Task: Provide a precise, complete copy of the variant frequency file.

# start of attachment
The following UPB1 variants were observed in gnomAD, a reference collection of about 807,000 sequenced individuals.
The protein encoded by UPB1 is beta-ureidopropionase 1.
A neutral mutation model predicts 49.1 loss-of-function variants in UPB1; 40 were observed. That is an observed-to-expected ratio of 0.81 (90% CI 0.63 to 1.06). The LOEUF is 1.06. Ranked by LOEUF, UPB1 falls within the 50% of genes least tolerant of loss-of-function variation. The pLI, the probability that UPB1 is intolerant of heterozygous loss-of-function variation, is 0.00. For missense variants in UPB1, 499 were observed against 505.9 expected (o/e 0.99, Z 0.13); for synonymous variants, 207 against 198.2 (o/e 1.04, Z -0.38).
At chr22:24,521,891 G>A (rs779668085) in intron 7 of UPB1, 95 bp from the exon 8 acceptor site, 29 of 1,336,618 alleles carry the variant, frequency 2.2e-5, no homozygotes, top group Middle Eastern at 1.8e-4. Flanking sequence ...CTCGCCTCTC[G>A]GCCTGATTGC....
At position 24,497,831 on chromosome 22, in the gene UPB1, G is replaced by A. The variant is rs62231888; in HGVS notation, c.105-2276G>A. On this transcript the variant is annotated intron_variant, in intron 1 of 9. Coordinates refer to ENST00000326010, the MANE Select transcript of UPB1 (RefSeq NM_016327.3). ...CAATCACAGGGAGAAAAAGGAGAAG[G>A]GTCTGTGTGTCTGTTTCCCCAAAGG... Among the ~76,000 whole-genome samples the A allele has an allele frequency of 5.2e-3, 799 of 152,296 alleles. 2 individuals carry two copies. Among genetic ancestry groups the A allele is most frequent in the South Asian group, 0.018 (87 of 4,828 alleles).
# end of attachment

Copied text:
The following UPB1 variants were observed in gnomAD, a reference collection of about 807,000 sequenced individuals.
The protein encoded by UPB1 is beta-ureidopropionase 1.
A neutral mutation model predicts 49.1 loss-of-function variants in UPB1; 40 were observed. That is an observed-to-expected ratio of 0.81 (90% CI 0.63 to 1.06). The LOEUF is 1.06. Ranked by LOEUF, UPB1 falls within the 50% of genes least tolerant of loss-of-function variation. The pLI, the probability that UPB1 is intolerant of heterozygous loss-of-function variation, is 0.00. For missense variants in UPB1, 499 were observed against 505.9 expected (o/e 0.99, Z 0.13); for synonymous variants, 207 against 198.2 (o/e 1.04, Z -0.38).
At chr22:24,521,891 G>A (rs779668085) in intron 7 of UPB1, 95 bp from the exon 8 acceptor site, 29 of 1,336,618 alleles carry the variant, frequency 2.2e-5, no homozygotes, top group Middle Eastern at 1.8e-4. Flanking sequence ...CTCGCCTCTC[G>A]GCCTGATTGC....
At position 24,497,831 on chromosome 22, in the gene UPB1, G is replaced by A. The variant is rs62231888; in HGVS notation, c.105-2276G>A. On this transcript the variant is annotated intron_variant, in intron 1 of 9. Coordinates refer to ENST00000326010, the MANE Select transcript of UPB1 (RefSeq NM_016327.3). ...CAATCACAGGGAGAAAAAGGAGAAG[G>A]GTCTGTGTGTCTGTTTCCCCAAAGG... Among the ~76,000 whole-genome samples the A allele has an allele frequency of 5.2e-3, 799 of 152,296 alleles. 2 individuals carry two copies. Among genetic ancestry groups the A allele is most frequent in the South Asian group, 0.018 (87 of 4,828 alleles).